The S**t Software Vendors Say

Software vendors can be really knowledgable, helpful and a pleasure to work with. As with any professional community though, there are those who let the collective down with a lack of knowledge, communication skills or common sense. Here are some of the classic queries I have had from vendors and consultants over the years, and the best way to deal with them.

“Our application requires sysadmin privilege on the database server to work properly”

I’ve brought up this point first because it is by far the most common I have come across over the years. The answer is simple, NO application should require sysadmin. Even the most poorly coded application should only need dbowner privilege on its own database at a very push, and even then it’s not ideal from a security perspective.

If you receive this query, I implore you to refuse the request and ask them to provide the actual required privileges. Ask them to escalate it to their developers if need be. You’d be surprised how few permissions the application usually needs to function.

Requiring sysadmin is one of those things that should raise a red flag instantly. I’d seriously question the competence of the vendor if they continue to insist this point. Even if the database server instance is dedicated to the application, secure it. It’s the smaller database installations that tend to get breached first, and their application probably stores your users’ passwords in there. Probably the same password they use to log on to every system in your network.

“Our application HAS to use that database password” or “We can only use the SA account on the database server”

Don’t let vendors dictate the password or user account used to access your database server. Using a generic password for all installations, or requiring the SA password on your SQL box just isn’t cricket. It just shows complete incompetence of the vendor and / or the developers.

Enforce your password policy on them just like any other service account. There is no excuse they can give for not being able to accommodate it except shear laziness.

Even if the database server instance runs locally on the application server, enforce password policy. The vast majority of breaches involve a leaked password, and the vast majority of those are default passwords.

“We support virtualisation. Just plug this license dongle into one of your hosts”

Just no. If software needs a license dongle, it doesn’t support virtualisation. Granted, the application will run, but the major selling point of virtualisation is high availability, which fails the second the host with the dongle plugged in goes down for any reason.

Unfortunately there isn’t much that can be done about his problem. Just make sure you communicate to your company that all that metal they bought to support HA, can’t protect the seriously outdated software that still relies on an archaic licensing technology.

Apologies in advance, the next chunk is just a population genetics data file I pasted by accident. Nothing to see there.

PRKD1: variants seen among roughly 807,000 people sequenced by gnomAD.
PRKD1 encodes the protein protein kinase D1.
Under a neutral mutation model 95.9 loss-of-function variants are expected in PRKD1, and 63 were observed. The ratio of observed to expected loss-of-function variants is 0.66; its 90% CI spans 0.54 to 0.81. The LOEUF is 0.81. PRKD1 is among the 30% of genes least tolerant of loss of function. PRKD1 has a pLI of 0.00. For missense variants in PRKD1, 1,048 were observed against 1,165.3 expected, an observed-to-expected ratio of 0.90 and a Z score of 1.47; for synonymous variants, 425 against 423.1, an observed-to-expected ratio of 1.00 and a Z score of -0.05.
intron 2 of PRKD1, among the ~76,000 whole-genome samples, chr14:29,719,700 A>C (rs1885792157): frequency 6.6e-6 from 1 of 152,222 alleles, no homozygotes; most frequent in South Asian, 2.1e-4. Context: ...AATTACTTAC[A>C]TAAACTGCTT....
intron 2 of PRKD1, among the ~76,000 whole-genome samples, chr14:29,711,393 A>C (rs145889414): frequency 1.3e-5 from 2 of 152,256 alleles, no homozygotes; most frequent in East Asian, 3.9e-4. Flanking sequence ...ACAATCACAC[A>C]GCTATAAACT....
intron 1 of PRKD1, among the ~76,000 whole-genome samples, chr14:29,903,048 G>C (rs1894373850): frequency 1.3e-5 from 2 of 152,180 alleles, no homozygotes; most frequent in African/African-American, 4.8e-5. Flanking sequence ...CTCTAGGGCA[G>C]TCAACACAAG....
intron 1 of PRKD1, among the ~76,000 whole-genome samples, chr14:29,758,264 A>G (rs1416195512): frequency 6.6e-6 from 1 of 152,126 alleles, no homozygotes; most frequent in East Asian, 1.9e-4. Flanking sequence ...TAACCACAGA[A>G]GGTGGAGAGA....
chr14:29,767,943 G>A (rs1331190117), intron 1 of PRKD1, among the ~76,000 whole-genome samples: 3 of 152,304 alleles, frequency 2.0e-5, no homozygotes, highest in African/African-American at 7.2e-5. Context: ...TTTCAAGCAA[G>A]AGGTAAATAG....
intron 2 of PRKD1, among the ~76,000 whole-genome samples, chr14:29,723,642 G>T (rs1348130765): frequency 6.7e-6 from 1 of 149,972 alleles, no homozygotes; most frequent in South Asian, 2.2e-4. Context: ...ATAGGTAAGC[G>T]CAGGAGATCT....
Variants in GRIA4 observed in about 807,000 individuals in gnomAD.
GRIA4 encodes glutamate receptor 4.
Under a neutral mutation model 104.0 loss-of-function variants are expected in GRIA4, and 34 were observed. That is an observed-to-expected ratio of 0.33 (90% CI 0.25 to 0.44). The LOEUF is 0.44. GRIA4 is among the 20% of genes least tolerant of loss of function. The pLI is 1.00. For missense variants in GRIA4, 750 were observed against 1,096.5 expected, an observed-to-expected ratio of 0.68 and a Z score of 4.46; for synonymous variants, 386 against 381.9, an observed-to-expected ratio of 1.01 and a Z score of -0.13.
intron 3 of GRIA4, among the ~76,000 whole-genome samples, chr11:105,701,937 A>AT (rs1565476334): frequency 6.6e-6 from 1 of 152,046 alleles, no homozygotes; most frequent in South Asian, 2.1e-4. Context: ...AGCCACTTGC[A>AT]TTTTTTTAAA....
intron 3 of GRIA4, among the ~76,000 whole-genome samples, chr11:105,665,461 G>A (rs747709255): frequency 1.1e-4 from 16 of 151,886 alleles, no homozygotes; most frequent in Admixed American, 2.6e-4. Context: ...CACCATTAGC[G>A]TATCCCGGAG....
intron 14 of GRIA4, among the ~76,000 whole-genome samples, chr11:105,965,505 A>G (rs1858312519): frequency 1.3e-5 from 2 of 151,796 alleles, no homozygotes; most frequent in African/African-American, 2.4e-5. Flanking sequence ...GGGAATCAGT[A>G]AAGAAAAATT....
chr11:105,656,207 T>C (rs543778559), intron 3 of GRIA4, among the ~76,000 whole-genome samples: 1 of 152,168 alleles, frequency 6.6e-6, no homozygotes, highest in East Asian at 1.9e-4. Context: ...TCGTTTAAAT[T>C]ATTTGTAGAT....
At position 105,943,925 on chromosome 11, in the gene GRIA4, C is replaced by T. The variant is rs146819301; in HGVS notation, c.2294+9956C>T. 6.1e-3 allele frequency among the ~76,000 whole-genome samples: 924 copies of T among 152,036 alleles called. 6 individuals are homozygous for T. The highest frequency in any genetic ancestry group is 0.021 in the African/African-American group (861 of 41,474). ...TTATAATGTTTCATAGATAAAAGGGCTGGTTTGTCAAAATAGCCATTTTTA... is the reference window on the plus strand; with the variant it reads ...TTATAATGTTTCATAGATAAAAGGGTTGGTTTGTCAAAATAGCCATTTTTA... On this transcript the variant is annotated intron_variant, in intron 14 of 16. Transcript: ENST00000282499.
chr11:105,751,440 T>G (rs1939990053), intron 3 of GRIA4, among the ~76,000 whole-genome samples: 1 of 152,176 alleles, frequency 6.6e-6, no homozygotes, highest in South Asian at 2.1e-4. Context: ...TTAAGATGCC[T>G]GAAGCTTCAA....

“We need XX amount of RAM for the application, even though its virtualised”

In rare occasions this statement is true. The vast majority of the time though most applications don’t need 48GB of RAM assigned to the virtual server that runs a simple service.

As a general rule of thumb, a VM actually uses a fraction of the memory allocated, filling the rest with cached data that it never accesses. Check your VM performance charts for memory and you’ll see the active memory usage.

I generally kick back on the consultant / vendor to produce some sizing reports based on our companies projected usage. If in doubt, or they won’t supply the information, I allocate the memory as requested, but gradually reduce the amount allocated during maintenance windows to find the “happy medium” between performance and wasted memory allocation.

“We only support remote support via [insert free remote access services here].”

Just say no. I’ve lost count of how many times a consultant or vendor has tried to install some agent based remote access technology like Logmein or TeamViewer on a server. Don’t allow it. The last thing you want is an agent based remote access service tied to your vendors remote access service running inside your network.

Imagine if the vendor decided to fire one of their helpdesk engineer, who has the username and password to their logmein account? It’s not worth thinking about.

The best way to deal with this is to provide your own method of remote access to your server, with an account you control. Then write a policy that you make vendors sign before allowing access. It might seem like more work for you, but it’s a much more secure arrangement than most of the options provided by the vendor.

This solution doesn’t have to be complicated or expensive. You could use Microsoft’s Remote Desktop Gateway for example, which is a role of windows Server so doesn’t cost anything to use (providing you have enough server licenses of course).

“We don’t support HTTPS”

Sack them off immediately. Any software that doesn’t support he most basic security protocols like HTTPS, doesn’t belong in enterprise IT.

What they usually mean is they don’t know how to enable HTTPS in IIS, Apache or Nginx. Do you want to use an application developed by a company who don’t know the technology their application runs on? Nope.

“We can’t resolve your email server at address (192.168.20.3 ) Can’t you take a look?”

This isn’t a common one to be fair. I only recently came across it. For starters it’s an IP address and doesn’t need to be resolved. Secondly you have a space in it, which probably means your application is treating it as a string and trying to resolve it in DNS, thus causing your problem.